WorldLab: Optimizing Collaborative World Building

Writers, artists, game designers — storytellers of every sort — have long utilized the power of world building. Now educators are utilizing it too. Constructed universes are powerful and flexible frameworks for designs to emerge from. You can read about world building and its applications here and here; today, we’re discussing WorldLab, a design process for collaborative world building.

There are countless world building tools available online. Last summer, I found myself digging through checklists and toolboxes, trying out platforms and software, and reading books by world builders. Each tool offered or implied a different approach to constructing a world, many of which were contradictory or niche in focus. I was searching for a system to guide world building from start to finish that not only provided tools but also explained how and when to use them and took an evidence-based approach to structuring world building toward productive and creative results. Nothing like that existed. So, two months later, I created the first prototype of what would become WorldLab.

First, I identified other systems that had elements similar to the one I would build, what those elements were, and how those other systems differed in approach and/or goal from the WorldLab project. The main two systems from which I drew inspiration were Microscope RPG by Ben Robbins and Rilao Remote Viewing Protocol by the Situation Lab.

Microscope is a world building game in which a small group of players work together to sketch in and flesh out the history of a fictional world, structured around a timeline. The basic unit in Microscope is time. Players can move forward or backward in time freely, but constructing the world is always done through inserting Periods, Events, and Scenes into the timeline. This time approach, accompanied by several other aspects of the system, pushes the world toward narrative; connecting events, finding out “how history got from point A to point B,” drives the game forward.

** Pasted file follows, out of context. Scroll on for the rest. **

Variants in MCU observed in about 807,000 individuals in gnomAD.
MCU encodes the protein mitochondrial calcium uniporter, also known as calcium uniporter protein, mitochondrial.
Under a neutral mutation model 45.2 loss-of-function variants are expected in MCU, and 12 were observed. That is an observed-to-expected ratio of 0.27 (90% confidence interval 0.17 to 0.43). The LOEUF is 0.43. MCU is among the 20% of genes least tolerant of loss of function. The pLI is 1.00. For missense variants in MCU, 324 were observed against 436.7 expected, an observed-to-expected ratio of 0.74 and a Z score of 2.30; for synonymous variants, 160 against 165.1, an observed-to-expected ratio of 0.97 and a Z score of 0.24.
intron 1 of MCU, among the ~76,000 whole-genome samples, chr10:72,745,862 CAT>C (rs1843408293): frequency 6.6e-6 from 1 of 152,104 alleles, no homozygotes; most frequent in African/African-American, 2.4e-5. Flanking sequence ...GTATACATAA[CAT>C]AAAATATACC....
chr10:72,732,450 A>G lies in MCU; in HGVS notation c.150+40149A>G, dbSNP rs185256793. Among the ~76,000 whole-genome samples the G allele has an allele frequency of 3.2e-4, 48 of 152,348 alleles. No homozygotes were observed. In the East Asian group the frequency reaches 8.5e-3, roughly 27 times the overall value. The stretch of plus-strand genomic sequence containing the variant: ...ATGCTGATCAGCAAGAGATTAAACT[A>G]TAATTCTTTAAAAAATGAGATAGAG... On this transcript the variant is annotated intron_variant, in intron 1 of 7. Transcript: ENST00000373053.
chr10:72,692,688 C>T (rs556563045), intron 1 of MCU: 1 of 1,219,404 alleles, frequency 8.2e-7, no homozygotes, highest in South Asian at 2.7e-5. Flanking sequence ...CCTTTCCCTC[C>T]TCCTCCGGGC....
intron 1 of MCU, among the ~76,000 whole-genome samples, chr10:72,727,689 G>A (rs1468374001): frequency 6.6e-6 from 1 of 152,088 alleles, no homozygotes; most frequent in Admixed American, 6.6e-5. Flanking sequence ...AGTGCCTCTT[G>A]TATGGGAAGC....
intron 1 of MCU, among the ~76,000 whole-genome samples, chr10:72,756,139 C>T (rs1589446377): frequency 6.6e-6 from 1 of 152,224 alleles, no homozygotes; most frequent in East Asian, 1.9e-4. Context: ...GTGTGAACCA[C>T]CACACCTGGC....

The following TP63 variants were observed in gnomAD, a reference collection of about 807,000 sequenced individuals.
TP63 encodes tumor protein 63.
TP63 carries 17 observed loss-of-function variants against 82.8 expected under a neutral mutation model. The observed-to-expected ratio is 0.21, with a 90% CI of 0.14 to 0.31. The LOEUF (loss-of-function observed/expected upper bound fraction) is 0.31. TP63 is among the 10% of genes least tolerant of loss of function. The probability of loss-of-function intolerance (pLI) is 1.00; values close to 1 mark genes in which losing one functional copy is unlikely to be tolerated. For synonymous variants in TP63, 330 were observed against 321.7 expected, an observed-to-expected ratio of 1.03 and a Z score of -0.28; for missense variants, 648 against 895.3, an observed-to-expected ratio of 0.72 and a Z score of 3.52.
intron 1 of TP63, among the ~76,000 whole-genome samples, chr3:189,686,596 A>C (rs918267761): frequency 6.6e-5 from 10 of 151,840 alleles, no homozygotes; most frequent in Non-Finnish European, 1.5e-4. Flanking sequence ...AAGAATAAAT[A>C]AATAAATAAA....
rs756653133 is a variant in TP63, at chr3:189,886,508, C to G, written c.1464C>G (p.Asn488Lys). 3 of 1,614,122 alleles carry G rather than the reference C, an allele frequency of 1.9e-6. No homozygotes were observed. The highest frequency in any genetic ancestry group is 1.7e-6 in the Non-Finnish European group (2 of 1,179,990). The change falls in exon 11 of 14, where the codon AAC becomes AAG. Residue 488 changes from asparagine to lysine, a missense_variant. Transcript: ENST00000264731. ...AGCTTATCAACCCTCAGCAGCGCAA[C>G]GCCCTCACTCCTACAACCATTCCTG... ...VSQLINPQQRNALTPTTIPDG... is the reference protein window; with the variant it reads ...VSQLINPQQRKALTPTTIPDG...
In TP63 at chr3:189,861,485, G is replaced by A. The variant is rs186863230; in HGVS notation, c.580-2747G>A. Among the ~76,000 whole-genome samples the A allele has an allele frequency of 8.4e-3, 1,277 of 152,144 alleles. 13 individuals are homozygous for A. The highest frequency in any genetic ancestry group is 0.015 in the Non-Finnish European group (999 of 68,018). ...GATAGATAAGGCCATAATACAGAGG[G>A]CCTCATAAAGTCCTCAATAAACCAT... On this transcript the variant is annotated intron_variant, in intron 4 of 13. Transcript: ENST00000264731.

Rilao Remote Viewing Protocol is a card-based world building game used at the University of Southern California in 2014 to guide a 300-person audience through the process of creating Rilao, a fictional island in the Pacific. Presenters first brief participants, providing a high-level overview of the geographical and cultural position of the world they’re to about to create. Then participants divide into small groups, and each group focuses on a formative period within the 150-year history of the world, making “observations” of cultural practices, people, and objects that they could witness on an imagined trip there. These observations are the “basic unit” that world builders using Rilao Remote Viewing Protocol manipulate. Next, each group receives the work produced by another group and “[illustrates] them with images, stories, and other kinds of media.” At the USC event, to conclude, each group finished by uploading its work to a website, updated in real time, to be later published as a book.

These two world building systems and several others heavily informed the creation of WorldLab. In particular, I drew five takeaway questions for analyzing world building systems:

  • Is the world building collaborative? Like most forms of design, world building is more effective when done collaboratively than alone (see USC’s World Building Media Lab). If the answer to this question is no, the next three questions become moot.
  • How large is the collaborating team? The size of the collaborating group shapes the role of a collaborator.
  • When do the world builders create content in relation to one another? Collaborators can work one at a time or simultaneously, also affecting the role of a collaborator.
  • Does the system prioritize experience or product? A system must balance two goals: creating a fun experience (being a game) and creating productive end results (being a tool).
  • What is the basic unit of content? A system must have clear basic units for users to create and modify that determine the product of the system.

Microscope and Rilao Remote Viewing Protocol answer all of the last four questions differently.

Microscope is collaborative, and the scale of that collaboration is small (2–5 players, optimally 3–4), so each player has a large voice in the creation of the world. Players take turns, meaning that one player and that player’s contribution receive full focus at any given moment. (Microscope, by design, avoids democratic decision making, as it leads to bland results, but also ensures that no one player can make decisions for the rest.) Microscope is first and foremost a game. Numerous great world building projects have emerged from the system, but its objective is primarily to support a fun and exciting experience and secondarily to produce a solid end product. The basic unit of Microscope is time.